Consider home garden designs to include interesting and colorful trees, shrubs and even vegetable plants that need little winter care and bring ife to the cold months.
While many North American gardens fall into a deep sleep over the colder winter months, the color and interest of winter gardens complete with winter flowers should not be forgotten.
Walks in the snow are simply made more enjoyable when you see stands of birch trees and groupings of red twig dogwoods or winterberries. Or, you can take comfort form the snow covering even leftover fall gardens, with perennials still peeking out such black-eyes Susans or ornamental grasses.
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Winter Flowers, Vegetables Possible; Garden Zones Key
As with all gardening tips, your location makes a huge difference in the types of winter gardens that will not only survive but thrive to take on a frosty beauty in the winter months. Check out the Old Farmer’s Almanac to find out what zone you live in and what types of winter plants will thrive and survive in your garden.
Experts at WinterGardeningTips.com believe that winter is one of the best times to grow vegetables. Depending on where you live, these vegetables can be grown in your garden throughout the winter months:
- Winter squash such as pumpkin, butternut, accord and spaghetti
- Hot chile peppers
- Brussel sprouts
Not only can winter gardens yield some tasty, nutritious vegetables but winter plants can provide some stunning ornamental qualities during the long cold days of the season.
Landscape and Design Winter Gardens With Color
Mary Welch-Keesey, a horticulturalist with Purdue University, notes that the bright colors of spring, summer and fall will be replaced with winter gardens designed with winter flowers and “with shape and texture, striking architecture and subtle contrast.”
She recommends that you choose plants that stay green for most of the winter season, including trees, shrubs and groundcovers and perennials. Some of the most interesting winter plans include the following:
#1. Evergreen conifers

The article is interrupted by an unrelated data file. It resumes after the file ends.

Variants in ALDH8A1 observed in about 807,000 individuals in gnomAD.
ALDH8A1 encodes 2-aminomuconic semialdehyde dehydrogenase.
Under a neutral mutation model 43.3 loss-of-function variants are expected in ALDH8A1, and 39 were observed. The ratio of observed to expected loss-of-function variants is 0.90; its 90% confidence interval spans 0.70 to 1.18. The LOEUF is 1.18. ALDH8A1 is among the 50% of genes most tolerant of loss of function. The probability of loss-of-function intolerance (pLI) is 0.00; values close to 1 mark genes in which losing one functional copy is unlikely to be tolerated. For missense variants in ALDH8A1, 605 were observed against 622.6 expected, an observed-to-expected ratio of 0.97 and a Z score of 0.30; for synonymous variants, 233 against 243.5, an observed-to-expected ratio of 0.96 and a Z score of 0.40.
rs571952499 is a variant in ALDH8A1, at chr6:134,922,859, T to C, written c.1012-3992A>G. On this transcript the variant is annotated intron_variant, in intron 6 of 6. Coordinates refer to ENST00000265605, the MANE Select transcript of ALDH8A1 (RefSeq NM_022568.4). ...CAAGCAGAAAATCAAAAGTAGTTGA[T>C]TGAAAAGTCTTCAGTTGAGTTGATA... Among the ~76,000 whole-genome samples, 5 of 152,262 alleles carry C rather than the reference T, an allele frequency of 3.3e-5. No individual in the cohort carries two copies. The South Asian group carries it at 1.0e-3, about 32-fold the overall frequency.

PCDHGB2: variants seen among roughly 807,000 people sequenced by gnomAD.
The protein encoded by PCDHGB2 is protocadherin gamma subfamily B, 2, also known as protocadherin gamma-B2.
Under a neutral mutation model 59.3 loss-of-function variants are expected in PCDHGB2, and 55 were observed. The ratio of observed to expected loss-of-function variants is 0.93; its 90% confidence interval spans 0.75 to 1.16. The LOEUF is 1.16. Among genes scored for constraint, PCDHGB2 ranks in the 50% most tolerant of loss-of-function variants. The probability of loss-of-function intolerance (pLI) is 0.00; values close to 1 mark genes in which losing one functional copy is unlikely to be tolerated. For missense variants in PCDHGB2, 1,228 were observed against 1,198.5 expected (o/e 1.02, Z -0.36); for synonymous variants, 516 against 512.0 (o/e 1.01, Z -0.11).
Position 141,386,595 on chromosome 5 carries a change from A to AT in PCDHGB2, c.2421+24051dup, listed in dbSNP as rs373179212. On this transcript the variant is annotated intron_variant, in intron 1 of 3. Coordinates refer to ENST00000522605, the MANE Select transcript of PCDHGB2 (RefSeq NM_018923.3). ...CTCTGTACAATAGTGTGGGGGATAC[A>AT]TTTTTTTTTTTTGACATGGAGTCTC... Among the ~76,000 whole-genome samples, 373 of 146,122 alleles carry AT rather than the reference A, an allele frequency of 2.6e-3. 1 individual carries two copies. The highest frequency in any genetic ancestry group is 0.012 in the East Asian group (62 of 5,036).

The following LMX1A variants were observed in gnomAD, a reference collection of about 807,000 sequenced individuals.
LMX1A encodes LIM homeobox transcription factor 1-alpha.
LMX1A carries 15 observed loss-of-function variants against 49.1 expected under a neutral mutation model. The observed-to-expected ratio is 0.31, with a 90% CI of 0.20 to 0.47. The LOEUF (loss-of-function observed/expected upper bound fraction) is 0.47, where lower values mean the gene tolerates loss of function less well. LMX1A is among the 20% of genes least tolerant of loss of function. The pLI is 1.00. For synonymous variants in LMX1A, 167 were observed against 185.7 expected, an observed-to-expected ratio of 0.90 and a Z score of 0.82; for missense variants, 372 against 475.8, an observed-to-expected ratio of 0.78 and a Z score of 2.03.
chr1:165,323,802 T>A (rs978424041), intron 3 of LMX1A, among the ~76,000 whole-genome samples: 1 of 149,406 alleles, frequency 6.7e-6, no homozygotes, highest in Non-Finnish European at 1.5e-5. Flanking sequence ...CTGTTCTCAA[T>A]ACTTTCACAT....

Spruce, pines, junipers and yews are the most common but try unusual conifers as well such as Sawara False Cypress, Alaska False Cypress and Hemlock
#2. Broad-leaved evergreens
Glossy abelia, Boxwood, Shrub Euonymus and Aaronsbeard St. Johnswort
#3. Plants with interesting form or branching
Redwood, dogwood, Weeping crabapple or cherry, sumac, ornamental grasses and weeping willows
#4. Plants with interesting or colorful bark
, shrub dogwoods, burning bush, bamboo and sycamore
#5. Woody plants with interesting fruit
Chokeberry, bittersweet, holly, crabapple, bayberry, roses
Canadians can also take heart by trying their gardening skills with a winter garden. Canadian Gardening magazine recommends that for the most northern climates, when frost is present from the months of November through until April, you consider growing conifers and broadleaf evergreen as “anchors” to your winter gardens.
Use Combinations of Winter Flowers in Winter Gardens
The magazine notes some interesting combinations of winter flowers and other winter plants that can add the most striking complementary colors and best landscaping designs.
These combinations would include cedar and yews, which display black tones, mixed with pines and spruce, with blue-green and powdery grey-blue tints. You can also try mixing bronze colored plants, such as Korean boxwoods and Siberian carpet cypress, with cinnamon color such as paperbark maple.
Winter gardening with the right landscape and design can provide an opportunity for anyone, from the hearty gardener to the novice, to experience the beauty of the colder months, enjoy pleasing combinations of winter plants and enjoy some of the freshest produce possible, right in your own yard.